Earlier Adventism tended to view the judgment in stern tones, with God keeping out those who hadn't been faithful. More recent times have witnessed an emphasis on the belief that God is for people, that He is on their side and wants them to be in the kingdom. Heppenstall said God's judgment will be in favor of believers. God's people have nothing to fear from the judgment with Christ as their advocate. The saint of the last days can also find confidence and security in facing the judgment when their names are confessed before the Father and the angelic host.[14]


  • 1972 "Our High Priest: Jesus Christ in the Heavenly Sanctuary".
  • 1974 "Salvation Unlimited: Perspectives in Righteousness by Faith".
  • 1975 "In Touch With God". (A daily devotional)
  • 1977 "The Man Who Is God: a Study of the Person and Nature of Jesus, Son of God and Son of Man".


  1. ^ Bull & Lockhart 1987.
  2. ^ a b Emmerson, W. L. Obituary for Cooke. British Advent Messenger, December 9, 1966, pp. 7,8
  3. ^ "The Missionary Worker" (PDF). May 1917: 2.
  4. ^ "Heppenstall". The Missionary Worker. The British Union Conference. 1923–1928.
  5. ^ "The Missionary Worker" (PDF). May 3, 1929: 5.
  6. ^ Zurcher & White 1999, p. 197.
  7. ^ a b c d e f Knight 2000, pp. 171–175.
  8. ^ Bull & Lockhart 1989, p. 87.
  9. ^ Bull & Lockhart 1989, p. 86. White stated "Jesus does not change the character at his coming. The work of transformation must be done now." in The Adventist Home, 1952, pp. 16.2.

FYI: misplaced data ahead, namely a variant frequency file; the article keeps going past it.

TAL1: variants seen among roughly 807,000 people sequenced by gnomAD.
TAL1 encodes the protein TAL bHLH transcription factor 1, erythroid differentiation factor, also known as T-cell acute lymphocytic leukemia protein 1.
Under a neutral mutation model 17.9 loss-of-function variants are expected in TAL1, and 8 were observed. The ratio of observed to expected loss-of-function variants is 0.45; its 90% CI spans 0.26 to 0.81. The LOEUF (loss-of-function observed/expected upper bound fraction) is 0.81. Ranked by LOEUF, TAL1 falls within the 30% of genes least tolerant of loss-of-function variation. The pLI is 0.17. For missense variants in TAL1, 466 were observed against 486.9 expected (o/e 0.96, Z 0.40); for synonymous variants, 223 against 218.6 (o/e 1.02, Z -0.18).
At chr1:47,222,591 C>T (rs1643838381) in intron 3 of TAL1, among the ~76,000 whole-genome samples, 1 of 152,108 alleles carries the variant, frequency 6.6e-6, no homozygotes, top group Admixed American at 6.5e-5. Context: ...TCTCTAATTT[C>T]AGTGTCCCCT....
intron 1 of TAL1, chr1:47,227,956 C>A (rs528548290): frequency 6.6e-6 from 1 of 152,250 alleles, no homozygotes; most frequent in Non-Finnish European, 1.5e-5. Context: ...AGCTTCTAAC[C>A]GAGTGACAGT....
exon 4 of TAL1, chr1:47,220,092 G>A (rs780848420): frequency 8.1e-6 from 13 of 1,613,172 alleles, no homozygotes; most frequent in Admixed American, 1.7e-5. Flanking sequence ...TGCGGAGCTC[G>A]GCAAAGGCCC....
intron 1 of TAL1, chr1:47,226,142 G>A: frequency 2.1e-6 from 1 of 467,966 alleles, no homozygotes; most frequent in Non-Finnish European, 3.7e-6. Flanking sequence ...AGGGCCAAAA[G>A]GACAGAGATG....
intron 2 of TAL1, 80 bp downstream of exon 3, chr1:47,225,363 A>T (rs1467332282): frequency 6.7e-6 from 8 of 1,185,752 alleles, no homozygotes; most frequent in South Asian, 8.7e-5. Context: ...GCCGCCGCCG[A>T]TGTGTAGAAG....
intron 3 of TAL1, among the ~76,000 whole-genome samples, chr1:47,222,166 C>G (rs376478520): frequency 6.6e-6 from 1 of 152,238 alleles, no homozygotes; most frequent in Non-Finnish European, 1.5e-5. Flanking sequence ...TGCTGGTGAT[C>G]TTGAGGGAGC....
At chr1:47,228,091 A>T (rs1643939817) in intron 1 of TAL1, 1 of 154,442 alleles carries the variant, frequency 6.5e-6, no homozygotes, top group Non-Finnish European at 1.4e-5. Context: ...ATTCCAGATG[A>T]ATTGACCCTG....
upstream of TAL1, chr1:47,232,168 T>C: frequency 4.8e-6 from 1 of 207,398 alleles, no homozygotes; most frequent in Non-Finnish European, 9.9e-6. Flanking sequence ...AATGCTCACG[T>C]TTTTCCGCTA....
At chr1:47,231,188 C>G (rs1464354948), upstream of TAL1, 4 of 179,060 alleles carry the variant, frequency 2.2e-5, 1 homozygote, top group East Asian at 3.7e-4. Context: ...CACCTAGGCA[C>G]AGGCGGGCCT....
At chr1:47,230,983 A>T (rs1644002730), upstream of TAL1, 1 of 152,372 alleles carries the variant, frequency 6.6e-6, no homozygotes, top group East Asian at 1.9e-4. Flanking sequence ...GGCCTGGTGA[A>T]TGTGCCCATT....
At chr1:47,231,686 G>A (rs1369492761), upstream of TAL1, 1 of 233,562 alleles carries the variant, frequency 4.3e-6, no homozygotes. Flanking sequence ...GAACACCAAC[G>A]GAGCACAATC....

10. ^ The Great Controversy, Ellen G White
  11. ^ Knight 2000, p. 169. Quote: "The first is that excellent evidence indicates that Ellen White's view of the sinful nature of Christ was not the same one held by Andreasen. She, for example, explicitly said that Jesus as a child, unlike other children, had an inclination to right rather than having sinful tendencies. Thus Andreasen's theology on the topic agreed with that of Jones, Waggoner, and Prescott but not with Ellen White's understanding of the exact content and disposition of the "sinful" nature of Christ. (See Chapter 5 for an analysis of the difference between the two positions)".
  12. ^ White, Ellen, 1898, Youth Instructor, Sept. 8. quote: "It is not correct to say, as many writers have said, that Christ was like all children. He was not like all children. Many children are misguided and mismanaged. But Joseph, and especially Mary, kept before them the remembrance of their child's divine Fatherhood. Jesus was instructed in accordance with the sacred character of His mission. His inclination to right was a constant gratification to His parents."
  13. ^ Knight 2000, p. 175.
  14. ^ Knight 2000, p. 197.



See also

External links

This page was last edited on 4 December 2018, at 18:42